In our final chapter, we see that the key for ensuring the marketing components work together is to have a full understanding of the marketing planning process. We begin with a discussion of the importance of planning and show why the development of a Marketing Plan is a necessary undertaking for nearly all marketers. As part of this discussion, we distinguish between strategies and tactics, and examine the role these play in the planning process. Next, to aid in our understanding of planning, we explore how the Product Life Cycle (PLC) offers valuable guidance for marketing decisions. We cover in detail the circumstances marketers face as their products move through the PLC and why marketing decisions must be continually fine-tuned to adjust to these changes. Throughout this discussion, we see how the PLC can offer insight into what challenges marketers may face as the market for their product continues to evolve.
- Importance of Planning
- The Marketing Plan
- Planning and Strategy with the PLC
- Development Stage
- Introduction Stage
- Growth Stage
- Maturity Stage
- Decline Stage
Links to Cited References:
- For a detailed tutorial on creating a Marketing Plan see: “How to Write a Marketing Plan Tutorial.” KnowThis.com. https://www.knowthis.com/how-to-write-a-marketing-plan.
- For companies that operate in niche markets see: Thompson. Kalee. “5 Companies Building Big Businesses Out of Small Niches.” Inc., November 7, 2016. https://www.inc.com/magazine/201611/kalee-thompson/ss/niche-winners.html.
- Tilley, Aaron. “Apple, Not Google Or Facebook, Will Define the Future of Augmented Reality.” Forbes, September 12, 2017. https://www.forbes.com/sites/aarontilley/2017/09/12/apple-not-google-or-facebook-will-define-the-future-of-augmented-reality.
- Porter, Michael E. and James E. Heppelmann. “Why Every Organization Needs an Augmented Reality Strategy.” Harvard Business Review, November 2017. https://hbr.org/2017/11/a-managers-guide-to-augmented-reality#why-every-organization-needs-an-augmented-reality-strategy.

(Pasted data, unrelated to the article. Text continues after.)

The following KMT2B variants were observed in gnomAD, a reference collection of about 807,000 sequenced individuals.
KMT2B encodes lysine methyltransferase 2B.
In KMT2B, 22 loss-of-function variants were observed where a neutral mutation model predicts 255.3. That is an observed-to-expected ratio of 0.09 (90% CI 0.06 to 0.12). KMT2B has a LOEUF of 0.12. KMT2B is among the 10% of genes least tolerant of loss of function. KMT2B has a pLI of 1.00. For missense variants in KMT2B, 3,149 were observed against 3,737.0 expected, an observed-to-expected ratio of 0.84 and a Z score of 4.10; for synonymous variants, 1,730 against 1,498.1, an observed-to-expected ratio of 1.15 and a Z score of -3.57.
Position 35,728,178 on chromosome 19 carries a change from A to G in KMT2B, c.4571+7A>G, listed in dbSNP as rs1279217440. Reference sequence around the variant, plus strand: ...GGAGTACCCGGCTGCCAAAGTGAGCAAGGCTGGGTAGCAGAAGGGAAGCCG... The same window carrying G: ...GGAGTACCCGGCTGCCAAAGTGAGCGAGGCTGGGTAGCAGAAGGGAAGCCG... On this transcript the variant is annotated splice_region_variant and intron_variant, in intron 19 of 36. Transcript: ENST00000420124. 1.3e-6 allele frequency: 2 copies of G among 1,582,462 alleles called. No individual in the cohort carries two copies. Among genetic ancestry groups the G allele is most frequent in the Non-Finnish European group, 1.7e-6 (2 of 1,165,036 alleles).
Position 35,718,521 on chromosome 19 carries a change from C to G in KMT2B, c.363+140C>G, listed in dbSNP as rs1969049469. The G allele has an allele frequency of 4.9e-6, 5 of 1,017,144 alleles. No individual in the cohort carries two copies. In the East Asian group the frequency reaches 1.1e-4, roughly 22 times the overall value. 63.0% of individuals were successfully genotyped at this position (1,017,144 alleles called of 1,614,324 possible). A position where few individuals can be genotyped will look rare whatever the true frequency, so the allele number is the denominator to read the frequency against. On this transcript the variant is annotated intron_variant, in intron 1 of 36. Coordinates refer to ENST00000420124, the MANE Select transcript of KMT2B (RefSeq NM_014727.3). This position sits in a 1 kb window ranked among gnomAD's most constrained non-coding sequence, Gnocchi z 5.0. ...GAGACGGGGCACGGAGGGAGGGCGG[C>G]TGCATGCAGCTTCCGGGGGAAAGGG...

- While expanding product options is a viable strategy in the maturity state, those that do this do not see the customer reaction that was predicted. As an example see: Smith, Carey. “Do Your Customers Actually Want a “Smart” Version of Your Product?” Harvard Business Review, August 08, 2017. https://hbr.org/2017/08/do-your-customers-actually-want-a-smart-version-of-your-product.
- For examples of products that are still generating revenue while in the Decline stage of the PLC see: Bond, John-Michael. “2.1 Million People Still Use Dial-Up Internet From AOL, and Other Mind-Boggling Facts.” The Daily Dot, January 8, 2017. https://www.dailydot.com/debug/dvd-rental-windows-3-aol-2017/.
- Some products reaching the Decline stage are there due to the product failing to be accepted by the market. This means these products experienced a very quick trip through the PLC. For examples of products with a short PLC see: “When Corporate Innovation Goes Bad – The 110 Biggest Product Failures Of All Time.” CB Insights, April 13, 2017. https://www.cbinsights.com/research/corporate-innovation-product-fails.
- Passman, Jordan. “Vinyl Sales Aren’t Dead: The ‘New’ Billion Dollar Music Business.” Forbes, Jan 12, 2017. https://www.forbes.com/sites/jordanpassman/2017/01/12/vinyl-is-officially-booming-the-new-billion-dollar-music-business/#d4bdebb4054b.